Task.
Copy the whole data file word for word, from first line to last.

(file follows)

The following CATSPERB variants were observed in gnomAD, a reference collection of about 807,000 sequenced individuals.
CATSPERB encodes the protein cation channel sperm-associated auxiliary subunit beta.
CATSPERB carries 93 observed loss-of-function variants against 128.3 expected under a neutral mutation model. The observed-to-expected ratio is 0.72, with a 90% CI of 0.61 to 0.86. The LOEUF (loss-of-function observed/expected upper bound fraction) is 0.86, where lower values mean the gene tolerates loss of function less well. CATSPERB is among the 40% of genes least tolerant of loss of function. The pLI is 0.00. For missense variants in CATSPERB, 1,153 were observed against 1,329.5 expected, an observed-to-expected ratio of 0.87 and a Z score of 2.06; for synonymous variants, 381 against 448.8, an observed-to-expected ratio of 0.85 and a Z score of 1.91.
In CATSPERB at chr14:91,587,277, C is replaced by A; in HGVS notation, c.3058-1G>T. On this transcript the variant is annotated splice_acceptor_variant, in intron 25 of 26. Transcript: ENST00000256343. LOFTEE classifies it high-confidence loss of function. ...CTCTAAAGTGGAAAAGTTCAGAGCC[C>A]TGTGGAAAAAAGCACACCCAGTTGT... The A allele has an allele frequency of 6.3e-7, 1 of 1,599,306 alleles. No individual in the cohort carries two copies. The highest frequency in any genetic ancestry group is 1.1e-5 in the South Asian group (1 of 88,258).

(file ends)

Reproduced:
The following CATSPERB variants were observed in gnomAD, a reference collection of about 807,000 sequenced individuals.
CATSPERB encodes the protein cation channel sperm-associated auxiliary subunit beta.
CATSPERB carries 93 observed loss-of-function variants against 128.3 expected under a neutral mutation model. The observed-to-expected ratio is 0.72, with a 90% CI of 0.61 to 0.86. The LOEUF (loss-of-function observed/expected upper bound fraction) is 0.86, where lower values mean the gene tolerates loss of function less well. CATSPERB is among the 40% of genes least tolerant of loss of function. The pLI is 0.00. For missense variants in CATSPERB, 1,153 were observed against 1,329.5 expected, an observed-to-expected ratio of 0.87 and a Z score of 2.06; for synonymous variants, 381 against 448.8, an observed-to-expected ratio of 0.85 and a Z score of 1.91.
In CATSPERB at chr14:91,587,277, C is replaced by A; in HGVS notation, c.3058-1G>T. On this transcript the variant is annotated splice_acceptor_variant, in intron 25 of 26. Transcript: ENST00000256343. LOFTEE classifies it high-confidence loss of function. ...CTCTAAAGTGGAAAAGTTCAGAGCC[C>A]TGTGGAAAAAAGCACACCCAGTTGT... The A allele has an allele frequency of 6.3e-7, 1 of 1,599,306 alleles. No individual in the cohort carries two copies. The highest frequency in any genetic ancestry group is 1.1e-5 in the South Asian group (1 of 88,258).